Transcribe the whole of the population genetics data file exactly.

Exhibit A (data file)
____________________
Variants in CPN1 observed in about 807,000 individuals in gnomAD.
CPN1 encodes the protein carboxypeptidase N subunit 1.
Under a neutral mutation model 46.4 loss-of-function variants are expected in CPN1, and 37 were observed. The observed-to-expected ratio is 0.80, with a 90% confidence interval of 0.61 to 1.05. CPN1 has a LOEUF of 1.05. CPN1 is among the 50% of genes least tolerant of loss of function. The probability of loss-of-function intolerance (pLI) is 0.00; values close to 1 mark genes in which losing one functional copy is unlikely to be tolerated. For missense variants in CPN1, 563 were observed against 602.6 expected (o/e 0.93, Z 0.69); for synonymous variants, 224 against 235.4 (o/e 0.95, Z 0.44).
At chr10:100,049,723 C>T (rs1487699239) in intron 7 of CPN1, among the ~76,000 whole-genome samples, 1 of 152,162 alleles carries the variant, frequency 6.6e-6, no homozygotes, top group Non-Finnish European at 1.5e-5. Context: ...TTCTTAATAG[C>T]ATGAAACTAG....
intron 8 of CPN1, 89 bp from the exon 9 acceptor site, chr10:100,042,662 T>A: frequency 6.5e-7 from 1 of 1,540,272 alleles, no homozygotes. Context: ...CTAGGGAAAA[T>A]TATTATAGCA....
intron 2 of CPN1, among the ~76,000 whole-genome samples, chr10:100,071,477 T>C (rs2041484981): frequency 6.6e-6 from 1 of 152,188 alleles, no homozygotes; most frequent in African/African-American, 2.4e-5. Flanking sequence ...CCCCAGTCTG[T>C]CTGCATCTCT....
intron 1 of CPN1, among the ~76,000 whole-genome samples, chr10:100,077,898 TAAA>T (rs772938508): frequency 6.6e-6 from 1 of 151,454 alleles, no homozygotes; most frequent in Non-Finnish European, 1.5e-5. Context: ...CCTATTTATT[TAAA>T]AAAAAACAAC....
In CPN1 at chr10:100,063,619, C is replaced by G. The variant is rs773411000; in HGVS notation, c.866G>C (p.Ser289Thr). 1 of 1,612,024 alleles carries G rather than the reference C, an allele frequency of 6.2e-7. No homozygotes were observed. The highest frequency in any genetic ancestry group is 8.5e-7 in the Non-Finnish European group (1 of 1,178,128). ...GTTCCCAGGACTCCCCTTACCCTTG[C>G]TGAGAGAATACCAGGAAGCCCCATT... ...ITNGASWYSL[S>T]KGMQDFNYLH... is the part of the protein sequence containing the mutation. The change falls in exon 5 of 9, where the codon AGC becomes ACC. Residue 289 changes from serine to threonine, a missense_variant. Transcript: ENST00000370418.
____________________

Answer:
Variants in CPN1 observed in about 807,000 individuals in gnomAD.
CPN1 encodes the protein carboxypeptidase N subunit 1.
Under a neutral mutation model 46.4 loss-of-function variants are expected in CPN1, and 37 were observed. The observed-to-expected ratio is 0.80, with a 90% confidence interval of 0.61 to 1.05. CPN1 has a LOEUF of 1.05. CPN1 is among the 50% of genes least tolerant of loss of function. The probability of loss-of-function intolerance (pLI) is 0.00; values close to 1 mark genes in which losing one functional copy is unlikely to be tolerated. For missense variants in CPN1, 563 were observed against 602.6 expected (o/e 0.93, Z 0.69); for synonymous variants, 224 against 235.4 (o/e 0.95, Z 0.44).
At chr10:100,049,723 C>T (rs1487699239) in intron 7 of CPN1, among the ~76,000 whole-genome samples, 1 of 152,162 alleles carries the variant, frequency 6.6e-6, no homozygotes, top group Non-Finnish European at 1.5e-5. Context: ...TTCTTAATAG[C>T]ATGAAACTAG....
intron 8 of CPN1, 89 bp from the exon 9 acceptor site, chr10:100,042,662 T>A: frequency 6.5e-7 from 1 of 1,540,272 alleles, no homozygotes. Context: ...CTAGGGAAAA[T>A]TATTATAGCA....
intron 2 of CPN1, among the ~76,000 whole-genome samples, chr10:100,071,477 T>C (rs2041484981): frequency 6.6e-6 from 1 of 152,188 alleles, no homozygotes; most frequent in African/African-American, 2.4e-5. Flanking sequence ...CCCCAGTCTG[T>C]CTGCATCTCT....
intron 1 of CPN1, among the ~76,000 whole-genome samples, chr10:100,077,898 TAAA>T (rs772938508): frequency 6.6e-6 from 1 of 151,454 alleles, no homozygotes; most frequent in Non-Finnish European, 1.5e-5. Context: ...CCTATTTATT[TAAA>T]AAAAAACAAC....
In CPN1 at chr10:100,063,619, C is replaced by G. The variant is rs773411000; in HGVS notation, c.866G>C (p.Ser289Thr). 1 of 1,612,024 alleles carries G rather than the reference C, an allele frequency of 6.2e-7. No homozygotes were observed. The highest frequency in any genetic ancestry group is 8.5e-7 in the Non-Finnish European group (1 of 1,178,128). ...GTTCCCAGGACTCCCCTTACCCTTG[C>G]TGAGAGAATACCAGGAAGCCCCATT... ...ITNGASWYSL[S>T]KGMQDFNYLH... is the part of the protein sequence containing the mutation. The change falls in exon 5 of 9, where the codon AGC becomes ACC. Residue 289 changes from serine to threonine, a missense_variant. Transcript: ENST00000370418.